4. It’s an interesting topic. Someone who works with us was updating me last week about something he initiated in India. They have a strategy of evangelism through discipleship. A trained disciple goes into a new village and be-friends the “man of peace”. He serves him and honours him until he is asked questions about why he acts and thinks so differently. The bible isn’t quoted but the principles of the bible are expressed in lay terms and lived out for everyone to see.

    Once the “man of peace” accepts Christ, the whole village is open to the gospel and are discipled.

    Evangelism is just somewhere in the middle of the discipleship process (at different stages for different people). There is no signing on the dotted line or standard prayer of salvation etc.

    It’s an extremely relational way of living out (discipling) and sharing the gospel.

    This was started 10 years ago by four people, last year alone there was just under 7,000 new baptisms.

    The questions we were discussing relates to how this transposes to our western culture. (For FL – what generational / replicatable model could work here). Could it be that organised churches can actually inhibit the discipleship process in Australia because they are perceived to be detached, not trusted, irrelevent?

    Once we put a name to something, the separation from the rest of society begins.

  5. My attitude if the gospel is presented to people every Sunday, it will be enough to equip, wisen them up and encourage them to live a life of accountability.

    Too many churches use the classic Ephesians 6 (armour of God), for spiritual warfare.

    What we’re essentially putting on and using in everyday life (presented as armour) is Christ! If we see ourselves as soldiers in God, do they not remain constantly disciplined – standing strong as a core believer?

  6. Some more explanatory comments from an interview with Willard:

    What do you mean when you use the phrase spiritual formation?

    Willard: Spiritual formation is character formation. Everyone gets a spiritual formation. It’s like education. Everyone gets an education; it’s just a matter of which one you get.

    Spiritual formation in a Christian tradition answers a specific human question: What kind of person am I going to be? It is the process of establishing the character of Christ in the person. That’s all it is. You are taking on the character of Christ in a process of discipleship to him under the direction of the Holy Spirit and the Word of God. It isn’t anything new, because Christians have been in this business forever. They haven’t always called it spiritual formation, but the term itself goes way back.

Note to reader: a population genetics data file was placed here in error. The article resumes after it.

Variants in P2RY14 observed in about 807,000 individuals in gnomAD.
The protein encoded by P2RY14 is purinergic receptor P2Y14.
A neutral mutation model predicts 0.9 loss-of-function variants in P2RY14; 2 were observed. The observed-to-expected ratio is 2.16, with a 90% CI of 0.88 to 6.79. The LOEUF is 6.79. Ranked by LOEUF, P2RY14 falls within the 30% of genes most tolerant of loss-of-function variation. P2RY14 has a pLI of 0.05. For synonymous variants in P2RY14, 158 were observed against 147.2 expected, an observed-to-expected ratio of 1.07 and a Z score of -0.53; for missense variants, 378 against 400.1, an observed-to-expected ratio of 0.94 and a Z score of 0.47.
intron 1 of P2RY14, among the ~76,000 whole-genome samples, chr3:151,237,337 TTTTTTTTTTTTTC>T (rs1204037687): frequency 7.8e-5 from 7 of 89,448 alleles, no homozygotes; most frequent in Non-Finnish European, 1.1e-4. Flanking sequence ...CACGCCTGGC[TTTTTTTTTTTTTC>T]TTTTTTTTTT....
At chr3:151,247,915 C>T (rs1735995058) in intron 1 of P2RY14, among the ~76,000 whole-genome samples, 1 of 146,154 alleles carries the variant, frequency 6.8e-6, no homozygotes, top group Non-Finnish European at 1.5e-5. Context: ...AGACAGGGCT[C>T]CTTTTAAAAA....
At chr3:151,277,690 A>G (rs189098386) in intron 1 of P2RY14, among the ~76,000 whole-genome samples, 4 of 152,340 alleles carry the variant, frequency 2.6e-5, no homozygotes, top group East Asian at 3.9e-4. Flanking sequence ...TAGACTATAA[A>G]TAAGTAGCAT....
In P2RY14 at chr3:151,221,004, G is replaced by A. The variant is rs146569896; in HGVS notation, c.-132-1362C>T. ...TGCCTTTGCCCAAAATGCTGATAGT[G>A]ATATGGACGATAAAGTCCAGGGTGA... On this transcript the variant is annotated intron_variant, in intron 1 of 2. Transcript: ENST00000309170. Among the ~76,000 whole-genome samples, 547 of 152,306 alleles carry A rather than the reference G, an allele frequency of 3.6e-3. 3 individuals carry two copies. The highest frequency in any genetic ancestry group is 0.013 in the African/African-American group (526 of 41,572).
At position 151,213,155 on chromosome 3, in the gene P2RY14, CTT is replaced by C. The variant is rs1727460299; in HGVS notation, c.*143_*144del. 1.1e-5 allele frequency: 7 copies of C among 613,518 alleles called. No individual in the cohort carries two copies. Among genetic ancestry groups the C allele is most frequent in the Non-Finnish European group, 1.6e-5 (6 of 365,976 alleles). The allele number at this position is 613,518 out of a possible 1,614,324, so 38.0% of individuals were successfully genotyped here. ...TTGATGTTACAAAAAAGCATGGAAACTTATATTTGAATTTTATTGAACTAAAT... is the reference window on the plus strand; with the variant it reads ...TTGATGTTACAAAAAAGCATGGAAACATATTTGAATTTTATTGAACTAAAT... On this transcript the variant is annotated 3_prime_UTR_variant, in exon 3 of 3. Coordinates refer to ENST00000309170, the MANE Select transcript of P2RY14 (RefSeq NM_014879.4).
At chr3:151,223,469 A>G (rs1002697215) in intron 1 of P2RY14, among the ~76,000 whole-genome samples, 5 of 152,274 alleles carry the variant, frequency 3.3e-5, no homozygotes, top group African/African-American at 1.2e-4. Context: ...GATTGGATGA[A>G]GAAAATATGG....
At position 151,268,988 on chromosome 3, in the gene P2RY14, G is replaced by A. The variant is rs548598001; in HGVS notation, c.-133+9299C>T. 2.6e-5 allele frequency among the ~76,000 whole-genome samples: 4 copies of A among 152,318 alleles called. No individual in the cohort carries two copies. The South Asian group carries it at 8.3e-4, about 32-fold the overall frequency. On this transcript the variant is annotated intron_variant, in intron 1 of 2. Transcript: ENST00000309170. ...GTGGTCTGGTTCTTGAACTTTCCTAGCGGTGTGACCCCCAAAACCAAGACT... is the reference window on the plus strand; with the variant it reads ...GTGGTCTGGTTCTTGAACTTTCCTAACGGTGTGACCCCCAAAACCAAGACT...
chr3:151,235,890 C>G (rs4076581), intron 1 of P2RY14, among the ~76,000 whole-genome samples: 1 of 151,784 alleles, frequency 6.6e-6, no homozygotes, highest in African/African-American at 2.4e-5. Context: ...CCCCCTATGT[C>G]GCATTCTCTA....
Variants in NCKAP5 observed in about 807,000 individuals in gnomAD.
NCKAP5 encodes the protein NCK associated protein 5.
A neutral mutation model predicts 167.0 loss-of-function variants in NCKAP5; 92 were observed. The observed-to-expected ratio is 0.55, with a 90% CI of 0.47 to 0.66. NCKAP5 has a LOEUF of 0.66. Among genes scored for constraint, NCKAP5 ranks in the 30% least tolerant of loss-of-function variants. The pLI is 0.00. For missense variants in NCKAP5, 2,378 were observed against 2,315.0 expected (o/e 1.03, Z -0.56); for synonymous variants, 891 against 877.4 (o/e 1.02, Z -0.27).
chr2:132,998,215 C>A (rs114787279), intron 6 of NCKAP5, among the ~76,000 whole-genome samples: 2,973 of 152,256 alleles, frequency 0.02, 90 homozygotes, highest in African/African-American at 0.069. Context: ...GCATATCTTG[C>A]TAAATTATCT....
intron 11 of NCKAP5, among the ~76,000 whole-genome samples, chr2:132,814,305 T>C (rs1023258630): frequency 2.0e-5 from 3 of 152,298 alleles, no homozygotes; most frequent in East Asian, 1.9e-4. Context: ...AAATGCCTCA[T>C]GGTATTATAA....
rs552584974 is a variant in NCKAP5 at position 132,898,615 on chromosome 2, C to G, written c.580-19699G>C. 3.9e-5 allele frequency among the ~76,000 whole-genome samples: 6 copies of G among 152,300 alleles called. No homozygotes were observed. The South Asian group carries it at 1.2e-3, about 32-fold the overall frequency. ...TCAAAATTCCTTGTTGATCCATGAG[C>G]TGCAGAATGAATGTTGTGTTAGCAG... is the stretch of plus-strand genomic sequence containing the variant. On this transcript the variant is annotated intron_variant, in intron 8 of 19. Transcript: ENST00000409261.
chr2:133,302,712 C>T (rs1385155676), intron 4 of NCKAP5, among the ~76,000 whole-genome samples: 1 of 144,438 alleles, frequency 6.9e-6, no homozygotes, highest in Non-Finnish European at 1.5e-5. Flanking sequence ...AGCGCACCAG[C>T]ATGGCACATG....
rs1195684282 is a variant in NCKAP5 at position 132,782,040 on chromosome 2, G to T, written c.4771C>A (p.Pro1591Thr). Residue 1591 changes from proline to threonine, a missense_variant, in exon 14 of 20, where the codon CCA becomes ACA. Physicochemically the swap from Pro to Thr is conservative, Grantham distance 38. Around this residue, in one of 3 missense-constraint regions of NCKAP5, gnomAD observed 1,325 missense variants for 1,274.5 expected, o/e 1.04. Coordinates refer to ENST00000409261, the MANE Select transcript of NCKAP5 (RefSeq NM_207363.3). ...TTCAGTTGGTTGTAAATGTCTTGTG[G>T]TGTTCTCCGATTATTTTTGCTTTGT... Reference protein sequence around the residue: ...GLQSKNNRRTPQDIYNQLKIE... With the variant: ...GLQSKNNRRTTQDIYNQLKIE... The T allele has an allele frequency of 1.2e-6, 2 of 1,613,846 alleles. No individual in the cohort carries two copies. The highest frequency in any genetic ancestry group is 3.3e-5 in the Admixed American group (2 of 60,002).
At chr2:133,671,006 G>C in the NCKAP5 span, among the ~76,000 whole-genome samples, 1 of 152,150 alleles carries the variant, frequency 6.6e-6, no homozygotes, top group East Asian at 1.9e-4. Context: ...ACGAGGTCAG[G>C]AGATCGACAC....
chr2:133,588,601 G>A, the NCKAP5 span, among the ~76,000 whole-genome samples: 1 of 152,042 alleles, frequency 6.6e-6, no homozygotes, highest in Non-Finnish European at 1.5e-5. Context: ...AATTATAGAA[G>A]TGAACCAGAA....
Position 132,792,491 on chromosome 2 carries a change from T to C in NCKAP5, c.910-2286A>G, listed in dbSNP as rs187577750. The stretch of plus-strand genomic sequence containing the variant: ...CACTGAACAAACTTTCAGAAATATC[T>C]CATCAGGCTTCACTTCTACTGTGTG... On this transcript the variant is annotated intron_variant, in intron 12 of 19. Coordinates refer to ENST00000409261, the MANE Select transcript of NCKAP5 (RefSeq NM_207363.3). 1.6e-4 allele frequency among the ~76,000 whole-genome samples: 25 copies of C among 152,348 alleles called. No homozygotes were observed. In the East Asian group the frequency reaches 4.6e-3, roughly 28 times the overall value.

Is spiritual formation the same as discipleship?

    Willard: Discipleship as a term has lost its content, and this is one reason why it has been moved aside. I’ve tried to redeem the idea of discipleship, and I think it can be done; you have to get it out of the contemporary mode.

    There are really three gospels that are heard in our society. One is forgiveness of sins. Another is being faithful to your church: If you take care of your church, it will take care of you. Sometimes it’s called discipleship, but it’s really churchmanship. And another gospel is the social one—Jesus is in favor of liberation, and we should be devoted to that. All of those contain important elements of truth. You can’t dismiss any of them. But to make them central and say that’s what discipleship is just robs discipleship of its connection with transformation of character.

    What does this misunderstanding of discipleship look like?

    Willard: In our country, on the theological right, discipleship came to mean training people to win souls. And on the left, it came to mean social action—protesting, serving soup lines, doing social deeds. Both of them left out character formation.

    Isn’t character formation very much a part of many Christian schools and institutions?

    Willard: What sometimes goes on in all sorts of Christian institutions is not formation of people in the character of Christ; it’s teaching of outward conformity. You don’t get in trouble for not having the character of Christ, but you do if you don’t obey the laws.

    From Christianity Today, October 2005

  7. Discipleship is the gospel lived out. A preacher can teach everything, but unless I see them living out the gospel in every day circumstances there is no context for this discipleship. How does someone respond to road rage, or how does someone bless an enemy? Seeing this lived out in real life is a result of a core change of a believer as an example in Christ. They are real life examples for my specific circumstances.